11 July 2008

Paying honor to a retiring hero and friend

This week I went to a retirement ceremony for one of the leaders of our hospital when we deployed to Iraq. I don't go to too many ceremonies for hellos and goodbyes, because I really prefer small, quiet, informal gatherings to the pomp and circumstance of official events. But when I learned that Colonel N. was being honored, there was no way that I was missing it.

He has been a hardworking and loyal Airman for 27 years. In Iraq, he was the nurse commander and kept the place running day after day. He was a solid fixture in the hospital from dawn to dusk, and would make rounds with us to make sure that the patients were doing well. As he states it, the command nurse's job is to make sure that all his troops have what they need to give the best care to patients. Even after his duty day was over, there were many nights I found him in the hospital mentoring young troops and pitching in to help with the endless work.

On first meeting him, I was struck by his serious demeanor and his businesslike professionalism. But it didn't take long to see the depth of his warmth and caring. Whether it is comforting an injured child, or helping a troop handle a problem back home, he puts his heart and compassion into everything he does. I know this because he helped me when I was having hard times. After my grandmother died, his understanding and encouragement helped me get back in the game so I could do my part for the many injured we received. I owe him a lot of thanks. He knows my sense of humor so I'm sure he won't be surprised I dredged up this picture of him wearing antlers during the Christmas season in Iraq.

It has been an honor to serve with him, and I know that some organization out there is going to be very lucky to have him now that he is promoting to civilian. After the ceremony, I had the chance to have coffee with another one of my heroes, Nurse J., a reservist who ran the OR in Balad. I told her that I felt that no matter where life takes us, we who deployed together are going to have a love and respect for each other that is like no other bond in our lives. Through the difficulties we faced and the memories we wish we didn't have, I still feel lucky I now have these people in my life.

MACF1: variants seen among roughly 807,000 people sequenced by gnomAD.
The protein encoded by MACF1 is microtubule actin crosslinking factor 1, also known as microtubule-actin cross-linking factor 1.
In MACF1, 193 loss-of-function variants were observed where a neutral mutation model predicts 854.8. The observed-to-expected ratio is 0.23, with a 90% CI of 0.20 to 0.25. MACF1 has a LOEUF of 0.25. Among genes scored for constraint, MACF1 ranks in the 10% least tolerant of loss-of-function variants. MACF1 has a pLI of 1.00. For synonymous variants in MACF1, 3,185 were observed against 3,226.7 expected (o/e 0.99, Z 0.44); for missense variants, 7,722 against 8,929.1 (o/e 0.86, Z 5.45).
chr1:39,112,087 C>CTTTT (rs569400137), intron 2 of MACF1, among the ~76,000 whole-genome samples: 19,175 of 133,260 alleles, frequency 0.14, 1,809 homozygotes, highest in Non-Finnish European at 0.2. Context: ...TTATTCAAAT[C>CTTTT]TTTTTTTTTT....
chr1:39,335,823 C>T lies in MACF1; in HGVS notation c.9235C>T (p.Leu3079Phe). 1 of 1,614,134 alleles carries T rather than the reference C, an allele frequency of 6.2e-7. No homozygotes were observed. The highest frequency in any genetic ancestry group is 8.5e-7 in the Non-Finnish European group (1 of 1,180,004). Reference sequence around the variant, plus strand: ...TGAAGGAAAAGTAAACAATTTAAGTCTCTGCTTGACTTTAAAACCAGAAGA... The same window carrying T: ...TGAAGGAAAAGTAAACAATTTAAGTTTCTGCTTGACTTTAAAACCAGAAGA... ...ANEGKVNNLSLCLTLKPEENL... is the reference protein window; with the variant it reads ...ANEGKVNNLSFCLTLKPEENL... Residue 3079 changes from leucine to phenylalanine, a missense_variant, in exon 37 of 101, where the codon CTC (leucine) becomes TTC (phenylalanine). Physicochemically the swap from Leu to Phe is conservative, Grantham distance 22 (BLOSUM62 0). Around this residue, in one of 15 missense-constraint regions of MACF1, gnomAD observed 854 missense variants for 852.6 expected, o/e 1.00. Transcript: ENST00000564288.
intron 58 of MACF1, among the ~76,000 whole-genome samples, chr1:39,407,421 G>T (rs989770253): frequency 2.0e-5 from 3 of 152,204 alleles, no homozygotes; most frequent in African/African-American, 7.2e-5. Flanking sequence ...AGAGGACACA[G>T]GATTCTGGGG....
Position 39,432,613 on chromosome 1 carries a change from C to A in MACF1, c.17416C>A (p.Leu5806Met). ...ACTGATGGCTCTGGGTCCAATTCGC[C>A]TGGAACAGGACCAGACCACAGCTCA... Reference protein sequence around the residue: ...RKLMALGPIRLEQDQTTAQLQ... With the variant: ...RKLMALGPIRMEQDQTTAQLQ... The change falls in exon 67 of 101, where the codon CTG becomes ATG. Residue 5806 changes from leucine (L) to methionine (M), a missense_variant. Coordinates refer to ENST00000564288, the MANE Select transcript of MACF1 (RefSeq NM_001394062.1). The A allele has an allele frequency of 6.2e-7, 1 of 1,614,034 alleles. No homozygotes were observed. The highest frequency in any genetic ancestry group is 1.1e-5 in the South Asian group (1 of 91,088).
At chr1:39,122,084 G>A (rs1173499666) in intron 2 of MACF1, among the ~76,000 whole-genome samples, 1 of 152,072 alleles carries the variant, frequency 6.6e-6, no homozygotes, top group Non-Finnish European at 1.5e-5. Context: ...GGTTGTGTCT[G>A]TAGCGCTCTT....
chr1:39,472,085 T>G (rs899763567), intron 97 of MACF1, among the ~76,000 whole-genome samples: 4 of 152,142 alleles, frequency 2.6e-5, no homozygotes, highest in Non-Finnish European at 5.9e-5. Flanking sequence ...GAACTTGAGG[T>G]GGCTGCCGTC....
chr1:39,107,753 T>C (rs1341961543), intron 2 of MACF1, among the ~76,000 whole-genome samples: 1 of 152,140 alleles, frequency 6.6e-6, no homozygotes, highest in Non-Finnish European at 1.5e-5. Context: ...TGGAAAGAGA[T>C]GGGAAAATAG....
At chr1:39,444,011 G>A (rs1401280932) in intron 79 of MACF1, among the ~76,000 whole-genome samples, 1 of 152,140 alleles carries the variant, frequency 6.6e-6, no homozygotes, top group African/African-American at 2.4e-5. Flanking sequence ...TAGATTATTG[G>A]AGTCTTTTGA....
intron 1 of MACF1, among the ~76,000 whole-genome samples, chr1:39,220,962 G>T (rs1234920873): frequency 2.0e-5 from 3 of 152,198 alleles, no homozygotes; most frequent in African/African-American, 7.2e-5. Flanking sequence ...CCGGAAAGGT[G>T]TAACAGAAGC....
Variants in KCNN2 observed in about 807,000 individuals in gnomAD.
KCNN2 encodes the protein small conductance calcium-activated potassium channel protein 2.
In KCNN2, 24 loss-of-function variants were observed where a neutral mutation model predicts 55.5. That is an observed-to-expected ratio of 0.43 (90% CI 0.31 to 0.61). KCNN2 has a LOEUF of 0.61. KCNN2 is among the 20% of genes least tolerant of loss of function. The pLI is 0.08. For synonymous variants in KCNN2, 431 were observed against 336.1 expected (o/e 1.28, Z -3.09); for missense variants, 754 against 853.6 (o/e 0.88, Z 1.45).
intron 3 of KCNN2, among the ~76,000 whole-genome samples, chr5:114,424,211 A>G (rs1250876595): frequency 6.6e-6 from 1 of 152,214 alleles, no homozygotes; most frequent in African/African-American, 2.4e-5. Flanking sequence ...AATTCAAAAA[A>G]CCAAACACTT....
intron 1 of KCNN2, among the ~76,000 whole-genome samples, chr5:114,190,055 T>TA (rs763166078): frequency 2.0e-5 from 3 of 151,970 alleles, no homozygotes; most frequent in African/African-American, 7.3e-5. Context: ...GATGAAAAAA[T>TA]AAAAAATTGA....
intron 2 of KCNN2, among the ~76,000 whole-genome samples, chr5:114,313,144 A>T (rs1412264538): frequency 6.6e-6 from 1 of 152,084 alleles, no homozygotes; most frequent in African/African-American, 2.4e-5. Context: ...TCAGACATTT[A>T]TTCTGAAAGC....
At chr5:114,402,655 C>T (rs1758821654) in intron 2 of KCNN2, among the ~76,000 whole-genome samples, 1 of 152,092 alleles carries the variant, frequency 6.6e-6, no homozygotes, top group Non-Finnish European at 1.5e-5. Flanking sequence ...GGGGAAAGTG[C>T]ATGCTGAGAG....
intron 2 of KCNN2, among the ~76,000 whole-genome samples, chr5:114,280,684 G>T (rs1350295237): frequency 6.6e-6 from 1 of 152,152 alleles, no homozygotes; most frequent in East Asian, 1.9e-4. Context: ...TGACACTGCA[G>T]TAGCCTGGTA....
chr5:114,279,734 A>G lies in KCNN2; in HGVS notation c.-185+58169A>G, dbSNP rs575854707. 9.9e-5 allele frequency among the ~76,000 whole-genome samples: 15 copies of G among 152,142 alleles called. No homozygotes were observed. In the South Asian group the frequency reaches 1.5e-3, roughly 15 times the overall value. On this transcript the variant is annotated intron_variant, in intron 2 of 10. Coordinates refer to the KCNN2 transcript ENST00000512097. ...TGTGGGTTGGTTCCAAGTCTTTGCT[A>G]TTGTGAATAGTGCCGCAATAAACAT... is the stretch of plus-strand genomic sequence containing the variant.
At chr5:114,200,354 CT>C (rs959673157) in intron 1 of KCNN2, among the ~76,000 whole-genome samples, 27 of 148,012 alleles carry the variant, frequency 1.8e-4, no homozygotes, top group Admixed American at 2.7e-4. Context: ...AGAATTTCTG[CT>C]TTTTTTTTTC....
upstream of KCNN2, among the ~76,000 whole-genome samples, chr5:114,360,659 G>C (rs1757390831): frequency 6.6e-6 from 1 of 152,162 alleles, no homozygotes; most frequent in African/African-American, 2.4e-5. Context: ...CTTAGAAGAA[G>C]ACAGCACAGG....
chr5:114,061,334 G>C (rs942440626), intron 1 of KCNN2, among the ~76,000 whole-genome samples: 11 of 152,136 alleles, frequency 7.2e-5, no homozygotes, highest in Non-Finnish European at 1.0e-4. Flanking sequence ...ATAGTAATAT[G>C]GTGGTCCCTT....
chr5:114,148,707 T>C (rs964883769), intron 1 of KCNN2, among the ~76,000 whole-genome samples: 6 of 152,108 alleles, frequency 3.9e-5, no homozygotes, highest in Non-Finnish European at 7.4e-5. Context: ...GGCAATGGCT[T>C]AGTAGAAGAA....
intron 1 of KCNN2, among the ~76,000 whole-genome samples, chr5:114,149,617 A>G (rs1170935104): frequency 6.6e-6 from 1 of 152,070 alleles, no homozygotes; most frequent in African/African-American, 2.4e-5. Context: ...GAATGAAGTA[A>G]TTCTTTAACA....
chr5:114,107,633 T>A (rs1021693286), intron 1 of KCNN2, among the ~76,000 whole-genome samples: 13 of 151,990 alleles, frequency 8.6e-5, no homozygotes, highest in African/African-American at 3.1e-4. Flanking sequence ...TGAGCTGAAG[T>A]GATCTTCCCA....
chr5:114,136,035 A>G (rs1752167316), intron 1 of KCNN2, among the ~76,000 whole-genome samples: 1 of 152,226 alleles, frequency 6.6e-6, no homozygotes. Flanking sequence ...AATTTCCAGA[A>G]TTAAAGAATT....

After all the awards, accolades, and testimonials, the retirement ceremony ended with the presentation of a flag that was flown over the hospital in Balad to Col N. The Color guard, with crisp uniforms, white gloves, and heel taps, performed a flag ceremony. They slowly marched out to the stage. They slowly and respectfully unfolded the flag, presented colors, and then refolded the flag. As they went through their expertly-executed maneuvers, a recording of John Wayne reciting the pledge of allegiance was played. I couldn't see that banner without thinking of so many who have done so much in it's defense. I thought of the boxes I have seen draped in those colors. I thought of the fine men and women I have the great fortune to serve with every day.

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